By around 4 P.M. people started taking vantage points to watch the arati outside Bhagavan's shrine and the deepam lit on top of the holy hill. After the usual Veda Parayanam inside Bhagavan's shrine, people who gathered outside started chanting 'Arunachala Siva' before the deepam was lit. Bhagavan's photo was placed in his easy chair, and he appeared to be watching the mighty Arunachala in the same way he did when his mortal body was with us.

By around 5:50 P.M. we could hear drums and fire crackers bursting in the sky, as the mighty Arunachala was standing like a beacon of light. At 6 P.M., the deepam was lit on the peak of Arunachala. At the same time, with the 'Na Karmana, na prajaya' Vedic chanting, deepam was lit in front of Sri Bhagavan. The asramam reverberated with the 'Arunachala Siva' chanting. This was followed by "Aksharamanamalai," "Arunachala Stuti Panchagam," Ramana bhajans, and arati. I experienced that the Deepam, the mighty Arunachala, Bhagavan and the committed seekers were one and the same.

One strange thing was that all day I did not see the asramam peacocks at all. I thought maybe the crowds had scared them off. But then, just before the deepam was lit at 6 o'clock, right above where Bhagavan's chair was placed and we all gathered to watch, the peacocks appeared and started calling loudly. It was like they were announcing the main event of the whole Kartigai Depeem festival, the lighting of the deepam atop the Arunachala Mountain.

Bhagvan's grace permanently permeates the vicinity, as the ever-present Reality. Every minute I spent there this feeling filled me completely. Every time I go there, the yearning to merge in Him multiplies. He is there in us always as we are in Him only. The deepam on the peak of Arunachala is a living witness to this truth.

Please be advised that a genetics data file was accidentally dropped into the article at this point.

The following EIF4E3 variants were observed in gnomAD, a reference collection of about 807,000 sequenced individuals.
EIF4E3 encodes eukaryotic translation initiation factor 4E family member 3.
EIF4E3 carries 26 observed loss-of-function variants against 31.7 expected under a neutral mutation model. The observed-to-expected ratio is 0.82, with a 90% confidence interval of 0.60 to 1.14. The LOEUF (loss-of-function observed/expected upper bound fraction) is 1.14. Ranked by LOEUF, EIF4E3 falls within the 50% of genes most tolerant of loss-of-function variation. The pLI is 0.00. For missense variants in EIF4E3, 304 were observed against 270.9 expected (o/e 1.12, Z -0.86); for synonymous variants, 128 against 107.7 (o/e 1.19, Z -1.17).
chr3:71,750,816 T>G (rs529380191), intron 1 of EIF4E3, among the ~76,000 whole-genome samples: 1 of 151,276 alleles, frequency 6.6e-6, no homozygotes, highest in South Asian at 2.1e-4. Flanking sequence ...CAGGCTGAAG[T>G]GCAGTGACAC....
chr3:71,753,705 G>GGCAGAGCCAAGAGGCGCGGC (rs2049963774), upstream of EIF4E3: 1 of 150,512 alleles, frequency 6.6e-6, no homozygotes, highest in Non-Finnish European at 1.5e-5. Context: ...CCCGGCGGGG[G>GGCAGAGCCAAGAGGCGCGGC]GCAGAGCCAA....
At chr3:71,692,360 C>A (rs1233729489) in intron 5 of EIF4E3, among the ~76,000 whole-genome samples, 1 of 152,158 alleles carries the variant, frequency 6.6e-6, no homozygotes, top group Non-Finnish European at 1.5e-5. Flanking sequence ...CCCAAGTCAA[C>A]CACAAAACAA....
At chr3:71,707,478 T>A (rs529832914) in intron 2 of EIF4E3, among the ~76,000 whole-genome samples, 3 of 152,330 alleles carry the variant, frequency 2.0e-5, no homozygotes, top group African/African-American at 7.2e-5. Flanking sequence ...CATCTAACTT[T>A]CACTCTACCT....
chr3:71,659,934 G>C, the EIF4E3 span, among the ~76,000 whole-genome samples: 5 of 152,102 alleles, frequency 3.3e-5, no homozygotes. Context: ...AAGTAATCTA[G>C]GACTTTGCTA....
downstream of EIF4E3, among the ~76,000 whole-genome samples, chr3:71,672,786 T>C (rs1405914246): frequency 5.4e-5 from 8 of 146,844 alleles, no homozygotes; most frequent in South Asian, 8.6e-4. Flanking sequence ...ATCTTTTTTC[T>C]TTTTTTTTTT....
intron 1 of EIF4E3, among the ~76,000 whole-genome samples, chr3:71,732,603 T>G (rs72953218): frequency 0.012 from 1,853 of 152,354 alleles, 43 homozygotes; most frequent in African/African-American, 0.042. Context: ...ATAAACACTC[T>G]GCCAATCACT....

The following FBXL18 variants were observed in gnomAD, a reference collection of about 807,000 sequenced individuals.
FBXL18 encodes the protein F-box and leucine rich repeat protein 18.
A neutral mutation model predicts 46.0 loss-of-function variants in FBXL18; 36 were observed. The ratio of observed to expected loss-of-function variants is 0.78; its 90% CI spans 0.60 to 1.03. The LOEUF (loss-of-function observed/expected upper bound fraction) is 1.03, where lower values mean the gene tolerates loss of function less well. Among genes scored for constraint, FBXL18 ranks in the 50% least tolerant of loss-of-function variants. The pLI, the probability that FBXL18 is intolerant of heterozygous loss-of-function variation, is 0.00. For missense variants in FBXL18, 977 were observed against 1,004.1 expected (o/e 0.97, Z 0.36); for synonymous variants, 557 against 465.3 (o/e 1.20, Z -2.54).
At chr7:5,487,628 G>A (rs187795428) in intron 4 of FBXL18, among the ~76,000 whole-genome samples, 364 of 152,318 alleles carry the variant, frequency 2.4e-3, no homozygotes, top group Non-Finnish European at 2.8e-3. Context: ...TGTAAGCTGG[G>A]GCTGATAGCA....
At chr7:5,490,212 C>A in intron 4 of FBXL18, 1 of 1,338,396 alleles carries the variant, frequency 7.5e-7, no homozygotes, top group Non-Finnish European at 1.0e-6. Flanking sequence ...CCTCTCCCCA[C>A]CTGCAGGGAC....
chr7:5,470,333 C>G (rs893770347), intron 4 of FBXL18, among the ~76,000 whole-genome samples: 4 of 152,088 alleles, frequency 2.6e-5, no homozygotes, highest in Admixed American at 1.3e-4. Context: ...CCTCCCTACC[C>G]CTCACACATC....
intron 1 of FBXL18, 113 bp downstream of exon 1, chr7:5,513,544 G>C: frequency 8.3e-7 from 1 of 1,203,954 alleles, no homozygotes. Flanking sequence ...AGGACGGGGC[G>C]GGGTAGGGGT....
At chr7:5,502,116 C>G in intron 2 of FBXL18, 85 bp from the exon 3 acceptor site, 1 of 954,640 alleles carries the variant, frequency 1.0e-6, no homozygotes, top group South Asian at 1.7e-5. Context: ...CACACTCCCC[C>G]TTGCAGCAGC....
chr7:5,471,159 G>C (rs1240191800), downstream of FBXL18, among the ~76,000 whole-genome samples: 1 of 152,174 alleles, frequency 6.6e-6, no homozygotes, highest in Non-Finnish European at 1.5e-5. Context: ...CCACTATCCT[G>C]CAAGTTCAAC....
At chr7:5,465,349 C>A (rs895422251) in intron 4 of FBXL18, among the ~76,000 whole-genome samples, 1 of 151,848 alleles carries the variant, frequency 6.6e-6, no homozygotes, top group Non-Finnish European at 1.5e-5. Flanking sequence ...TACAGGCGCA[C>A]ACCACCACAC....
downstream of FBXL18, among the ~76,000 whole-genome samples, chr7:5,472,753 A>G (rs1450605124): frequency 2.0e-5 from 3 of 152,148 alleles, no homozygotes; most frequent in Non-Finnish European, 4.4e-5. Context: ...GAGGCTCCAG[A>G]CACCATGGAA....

By around 8:00 P.M., after the deepa arati, I left the asramam, though the roads were still full with people performing the girivalam and there was hardly any space to inch out or in. I returned back to Madras, after profuse thanks to Mr. Kuppuswamy's family at Thiruvannamalai. It is Bhagavan's ever-living grace that gave me this opportunity to be there on the holy Deepam Day.


 

Right and Wrong

Devotee: If it is a question of doing something one considers wrong, and thereby saving some one else from a great wrong, should one do it or refrain from doing it?

Bhagavan: What is right and wrong? There is no standard by which to judge something to be right another to be wrong. Opinions differ according to the nature of the individual and according to the surroundings. They are again ideas and nothing more. Do not worry about them, but get rid of thoughts. If you always remain in the right, then right will prevail in the world.

(The devotee was not satisfied with this answer and asked for further elucidation.)

Sri Bhagavan then pointed out that to see wrong in another is one's own wrong. The discrimination between right and wrong is the origin of sin. One's own sin is reflected outside and the individual in ignorance superimposes it on another. The best course for one is to reach the state in which such discrimination does not arise. Do you see wrong or right in your sleep? Be asleep even in the wakeful state, abide as the Self and remain uncontaminated by what goes on around you. Moreover, however much you might advise them, you hearers may not rectify themselves. Be in the right yourself and remain silent. Your silence will have more effect than your words or deeds. That is the development of will power. Then the world becomes the Kingdom of Heaven, which is within you.
 
 

Ramana Satsangs

Satsangs with recitations, songs, readings and meditation have been going on in a few places near or in large cities. Some of them are weekly. If you would like to attend any of these, please see the Sri Ramana Satsang listings.
 

 
"The Maharshi" is a free bimonthly newsletter distributed in North America by Arunachala Ashrama, Bhagavan Sri Ramana Maharshi Center. You can subscribe to this newsletter's announcements by email. This issue and all back issues are available as html pages or (from 2000 to the present) in Acrobat PDF format. Books, images, videos and audio CDs on Sri Ramana Maharshi can also be found in the eLibrary and On-line Bookstore pages.